In 1898, the feds imposed a 3 percent excise tax on telephone calls to help pay for the Spanish-American War. The war ended that same year, but the tax is still with us. It has been repealed and reinstated several times to bolster federal coffers during World Wars I and II, the Depression, Korea and Vietnam. After Vietnam, the tax was reduced from 10 percent to 3 percent to help reduce the federal deficit.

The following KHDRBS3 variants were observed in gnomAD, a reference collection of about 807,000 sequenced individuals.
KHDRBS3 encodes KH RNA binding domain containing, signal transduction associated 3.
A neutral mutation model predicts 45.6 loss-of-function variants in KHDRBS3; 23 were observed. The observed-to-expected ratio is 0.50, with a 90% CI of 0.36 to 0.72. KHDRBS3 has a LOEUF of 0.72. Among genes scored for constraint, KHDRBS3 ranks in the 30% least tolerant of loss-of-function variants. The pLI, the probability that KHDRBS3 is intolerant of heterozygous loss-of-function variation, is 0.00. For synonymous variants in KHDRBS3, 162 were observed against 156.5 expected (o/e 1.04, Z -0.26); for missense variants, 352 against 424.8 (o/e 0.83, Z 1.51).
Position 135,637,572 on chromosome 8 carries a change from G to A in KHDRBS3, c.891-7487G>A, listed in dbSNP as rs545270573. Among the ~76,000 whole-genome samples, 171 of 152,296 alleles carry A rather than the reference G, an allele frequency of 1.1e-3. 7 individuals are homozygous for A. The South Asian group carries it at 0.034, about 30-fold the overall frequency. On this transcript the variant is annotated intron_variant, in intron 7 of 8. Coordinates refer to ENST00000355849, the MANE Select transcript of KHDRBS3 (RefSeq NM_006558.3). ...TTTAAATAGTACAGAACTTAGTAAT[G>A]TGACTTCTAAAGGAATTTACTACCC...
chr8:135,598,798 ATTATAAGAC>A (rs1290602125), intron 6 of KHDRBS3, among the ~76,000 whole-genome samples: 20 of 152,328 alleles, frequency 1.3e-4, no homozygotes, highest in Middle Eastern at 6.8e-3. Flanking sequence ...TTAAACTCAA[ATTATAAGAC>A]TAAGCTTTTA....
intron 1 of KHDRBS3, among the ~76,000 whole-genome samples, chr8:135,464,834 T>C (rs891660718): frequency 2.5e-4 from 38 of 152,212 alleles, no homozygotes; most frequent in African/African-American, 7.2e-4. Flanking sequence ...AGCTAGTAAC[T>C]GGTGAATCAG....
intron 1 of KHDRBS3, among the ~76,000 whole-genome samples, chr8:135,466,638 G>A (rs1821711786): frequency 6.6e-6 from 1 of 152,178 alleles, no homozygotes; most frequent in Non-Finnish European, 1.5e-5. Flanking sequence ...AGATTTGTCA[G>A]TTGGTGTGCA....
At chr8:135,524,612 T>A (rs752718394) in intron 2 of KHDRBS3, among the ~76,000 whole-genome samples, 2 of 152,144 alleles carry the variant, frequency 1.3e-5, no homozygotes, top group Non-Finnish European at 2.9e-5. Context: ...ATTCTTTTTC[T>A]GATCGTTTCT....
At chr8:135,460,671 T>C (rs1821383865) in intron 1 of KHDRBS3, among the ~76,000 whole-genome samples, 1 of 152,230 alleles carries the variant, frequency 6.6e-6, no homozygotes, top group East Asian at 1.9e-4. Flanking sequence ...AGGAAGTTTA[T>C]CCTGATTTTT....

In typical D.C. style, this permanent excise tax was tacked onto the Act for Better Childcare of 1990. But none of the money goes to kids. The $5 billion to $8 billion per year all goes into the general fund.
Question: Why is this tax still on the books?